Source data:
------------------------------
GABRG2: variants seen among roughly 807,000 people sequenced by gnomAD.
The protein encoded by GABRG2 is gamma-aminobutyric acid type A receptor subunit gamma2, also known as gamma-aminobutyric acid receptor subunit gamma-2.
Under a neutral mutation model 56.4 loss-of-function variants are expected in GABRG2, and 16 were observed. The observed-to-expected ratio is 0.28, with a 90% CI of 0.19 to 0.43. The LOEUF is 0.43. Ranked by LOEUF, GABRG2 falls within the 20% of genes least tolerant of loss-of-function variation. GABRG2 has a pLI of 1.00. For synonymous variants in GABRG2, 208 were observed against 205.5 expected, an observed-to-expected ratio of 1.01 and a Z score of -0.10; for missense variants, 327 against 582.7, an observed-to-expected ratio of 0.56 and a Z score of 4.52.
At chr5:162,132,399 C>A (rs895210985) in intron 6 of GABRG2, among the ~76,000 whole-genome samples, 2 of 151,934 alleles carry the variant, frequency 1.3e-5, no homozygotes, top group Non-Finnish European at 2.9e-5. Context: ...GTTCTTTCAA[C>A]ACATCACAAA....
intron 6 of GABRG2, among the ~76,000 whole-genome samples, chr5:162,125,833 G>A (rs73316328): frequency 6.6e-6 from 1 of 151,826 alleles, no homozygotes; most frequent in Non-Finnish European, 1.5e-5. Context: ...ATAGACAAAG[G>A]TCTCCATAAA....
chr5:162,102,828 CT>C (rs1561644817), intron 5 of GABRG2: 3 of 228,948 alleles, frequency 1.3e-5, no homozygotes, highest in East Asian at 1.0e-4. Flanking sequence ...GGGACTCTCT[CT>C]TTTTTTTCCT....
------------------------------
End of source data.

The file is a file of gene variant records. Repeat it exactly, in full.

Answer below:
GABRG2: variants seen among roughly 807,000 people sequenced by gnomAD.
The protein encoded by GABRG2 is gamma-aminobutyric acid type A receptor subunit gamma2, also known as gamma-aminobutyric acid receptor subunit gamma-2.
Under a neutral mutation model 56.4 loss-of-function variants are expected in GABRG2, and 16 were observed. The observed-to-expected ratio is 0.28, with a 90% CI of 0.19 to 0.43. The LOEUF is 0.43. Ranked by LOEUF, GABRG2 falls within the 20% of genes least tolerant of loss-of-function variation. GABRG2 has a pLI of 1.00. For synonymous variants in GABRG2, 208 were observed against 205.5 expected, an observed-to-expected ratio of 1.01 and a Z score of -0.10; for missense variants, 327 against 582.7, an observed-to-expected ratio of 0.56 and a Z score of 4.52.
At chr5:162,132,399 C>A (rs895210985) in intron 6 of GABRG2, among the ~76,000 whole-genome samples, 2 of 151,934 alleles carry the variant, frequency 1.3e-5, no homozygotes, top group Non-Finnish European at 2.9e-5. Context: ...GTTCTTTCAA[C>A]ACATCACAAA....
intron 6 of GABRG2, among the ~76,000 whole-genome samples, chr5:162,125,833 G>A (rs73316328): frequency 6.6e-6 from 1 of 151,826 alleles, no homozygotes; most frequent in Non-Finnish European, 1.5e-5. Context: ...ATAGACAAAG[G>A]TCTCCATAAA....
chr5:162,102,828 CT>C (rs1561644817), intron 5 of GABRG2: 3 of 228,948 alleles, frequency 1.3e-5, no homozygotes, highest in East Asian at 1.0e-4. Flanking sequence ...GGGACTCTCT[CT>C]TTTTTTTCCT....